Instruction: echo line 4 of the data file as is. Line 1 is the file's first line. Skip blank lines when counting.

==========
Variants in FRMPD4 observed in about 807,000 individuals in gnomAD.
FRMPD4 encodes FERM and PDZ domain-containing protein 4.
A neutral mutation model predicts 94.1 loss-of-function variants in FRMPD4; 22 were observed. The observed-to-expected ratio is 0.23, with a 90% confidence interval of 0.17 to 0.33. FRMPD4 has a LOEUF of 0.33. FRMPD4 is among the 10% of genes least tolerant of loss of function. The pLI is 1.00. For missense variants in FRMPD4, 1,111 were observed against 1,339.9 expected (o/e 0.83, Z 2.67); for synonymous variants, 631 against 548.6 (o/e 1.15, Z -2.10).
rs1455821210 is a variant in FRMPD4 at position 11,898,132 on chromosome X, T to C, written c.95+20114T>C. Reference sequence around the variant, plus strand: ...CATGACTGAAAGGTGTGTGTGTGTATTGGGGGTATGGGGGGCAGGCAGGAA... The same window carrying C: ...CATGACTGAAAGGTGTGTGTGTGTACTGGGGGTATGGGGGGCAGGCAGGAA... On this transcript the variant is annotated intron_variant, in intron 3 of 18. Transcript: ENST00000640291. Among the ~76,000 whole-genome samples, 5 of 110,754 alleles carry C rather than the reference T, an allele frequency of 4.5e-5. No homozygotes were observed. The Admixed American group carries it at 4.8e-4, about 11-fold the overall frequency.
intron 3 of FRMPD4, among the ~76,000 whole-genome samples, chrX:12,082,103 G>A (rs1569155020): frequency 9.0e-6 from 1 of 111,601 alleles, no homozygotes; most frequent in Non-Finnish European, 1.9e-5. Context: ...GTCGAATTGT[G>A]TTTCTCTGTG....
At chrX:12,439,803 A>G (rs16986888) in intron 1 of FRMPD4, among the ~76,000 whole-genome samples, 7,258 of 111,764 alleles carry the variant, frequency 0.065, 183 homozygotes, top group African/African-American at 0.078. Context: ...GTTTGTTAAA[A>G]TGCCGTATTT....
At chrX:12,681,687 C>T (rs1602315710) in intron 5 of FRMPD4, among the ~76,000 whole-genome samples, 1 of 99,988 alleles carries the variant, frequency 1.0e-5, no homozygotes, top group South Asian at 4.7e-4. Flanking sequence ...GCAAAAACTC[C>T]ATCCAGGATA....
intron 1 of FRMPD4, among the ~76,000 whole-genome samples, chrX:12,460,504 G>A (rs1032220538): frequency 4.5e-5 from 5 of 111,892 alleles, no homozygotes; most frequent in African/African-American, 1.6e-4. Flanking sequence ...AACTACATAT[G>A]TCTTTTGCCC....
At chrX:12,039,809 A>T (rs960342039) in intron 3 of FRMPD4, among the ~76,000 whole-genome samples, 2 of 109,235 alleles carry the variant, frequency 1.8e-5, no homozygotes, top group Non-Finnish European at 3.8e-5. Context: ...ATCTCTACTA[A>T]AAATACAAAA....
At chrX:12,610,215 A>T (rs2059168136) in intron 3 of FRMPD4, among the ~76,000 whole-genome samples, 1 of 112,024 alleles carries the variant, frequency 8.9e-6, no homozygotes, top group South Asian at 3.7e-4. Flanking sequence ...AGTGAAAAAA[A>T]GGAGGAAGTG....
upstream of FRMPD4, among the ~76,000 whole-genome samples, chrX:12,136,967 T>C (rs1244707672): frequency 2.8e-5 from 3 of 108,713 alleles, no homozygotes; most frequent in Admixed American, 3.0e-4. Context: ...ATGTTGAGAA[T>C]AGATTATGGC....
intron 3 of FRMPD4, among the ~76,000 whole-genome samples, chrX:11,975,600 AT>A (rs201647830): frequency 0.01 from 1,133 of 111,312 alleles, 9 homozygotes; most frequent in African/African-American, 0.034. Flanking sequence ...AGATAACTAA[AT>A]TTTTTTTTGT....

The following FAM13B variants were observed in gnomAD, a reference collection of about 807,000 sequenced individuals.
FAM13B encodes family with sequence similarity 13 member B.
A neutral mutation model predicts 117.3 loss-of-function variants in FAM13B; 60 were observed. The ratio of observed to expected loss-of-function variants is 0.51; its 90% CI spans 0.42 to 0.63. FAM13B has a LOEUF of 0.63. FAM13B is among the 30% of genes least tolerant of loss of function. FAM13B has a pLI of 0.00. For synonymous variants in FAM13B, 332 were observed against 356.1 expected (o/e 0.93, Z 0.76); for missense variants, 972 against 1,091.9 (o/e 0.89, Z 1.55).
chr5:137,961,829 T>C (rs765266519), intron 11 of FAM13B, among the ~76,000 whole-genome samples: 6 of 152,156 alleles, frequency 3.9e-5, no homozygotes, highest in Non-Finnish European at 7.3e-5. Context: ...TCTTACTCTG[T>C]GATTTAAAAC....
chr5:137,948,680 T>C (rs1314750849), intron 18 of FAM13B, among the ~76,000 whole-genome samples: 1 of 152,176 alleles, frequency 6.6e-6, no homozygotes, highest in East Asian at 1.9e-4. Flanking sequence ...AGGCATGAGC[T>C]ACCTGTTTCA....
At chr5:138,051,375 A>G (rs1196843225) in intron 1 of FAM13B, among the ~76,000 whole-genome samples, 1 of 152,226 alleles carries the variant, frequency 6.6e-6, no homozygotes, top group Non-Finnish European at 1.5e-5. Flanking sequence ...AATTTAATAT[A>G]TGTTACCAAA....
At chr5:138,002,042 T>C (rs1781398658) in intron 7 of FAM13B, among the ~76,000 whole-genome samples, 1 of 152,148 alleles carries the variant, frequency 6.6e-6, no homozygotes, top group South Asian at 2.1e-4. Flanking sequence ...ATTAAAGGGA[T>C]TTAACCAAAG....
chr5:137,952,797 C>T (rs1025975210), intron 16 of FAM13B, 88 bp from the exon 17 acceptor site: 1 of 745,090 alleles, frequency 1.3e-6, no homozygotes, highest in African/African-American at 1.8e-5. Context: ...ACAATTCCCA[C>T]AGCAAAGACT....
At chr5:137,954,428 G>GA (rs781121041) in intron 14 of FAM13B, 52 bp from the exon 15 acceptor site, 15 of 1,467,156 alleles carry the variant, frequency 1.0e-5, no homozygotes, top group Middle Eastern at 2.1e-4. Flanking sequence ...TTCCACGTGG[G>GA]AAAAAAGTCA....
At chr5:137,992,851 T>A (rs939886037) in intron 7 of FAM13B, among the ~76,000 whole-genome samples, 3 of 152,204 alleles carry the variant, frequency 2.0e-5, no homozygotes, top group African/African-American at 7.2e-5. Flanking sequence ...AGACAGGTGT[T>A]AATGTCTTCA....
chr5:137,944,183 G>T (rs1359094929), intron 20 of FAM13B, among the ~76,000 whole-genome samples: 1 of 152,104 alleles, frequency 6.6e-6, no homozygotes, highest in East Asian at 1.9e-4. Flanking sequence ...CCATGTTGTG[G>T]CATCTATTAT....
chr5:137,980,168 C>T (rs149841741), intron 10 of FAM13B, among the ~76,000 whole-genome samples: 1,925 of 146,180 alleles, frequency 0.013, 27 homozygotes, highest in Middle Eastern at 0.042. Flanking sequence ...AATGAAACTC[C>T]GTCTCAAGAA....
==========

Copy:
rs1455821210 is a variant in FRMPD4 at position 11,898,132 on chromosome X, T to C, written c.95+20114T>C. Reference sequence around the variant, plus strand: ...CATGACTGAAAGGTGTGTGTGTGTATTGGGGGTATGGGGGGCAGGCAGGAA... The same window carrying C: ...CATGACTGAAAGGTGTGTGTGTGTACTGGGGGTATGGGGGGCAGGCAGGAA... On this transcript the variant is annotated intron_variant, in intron 3 of 18. Transcript: ENST00000640291. Among the ~76,000 whole-genome samples, 5 of 110,754 alleles carry C rather than the reference T, an allele frequency of 4.5e-5. No homozygotes were observed. The Admixed American group carries it at 4.8e-4, about 11-fold the overall frequency.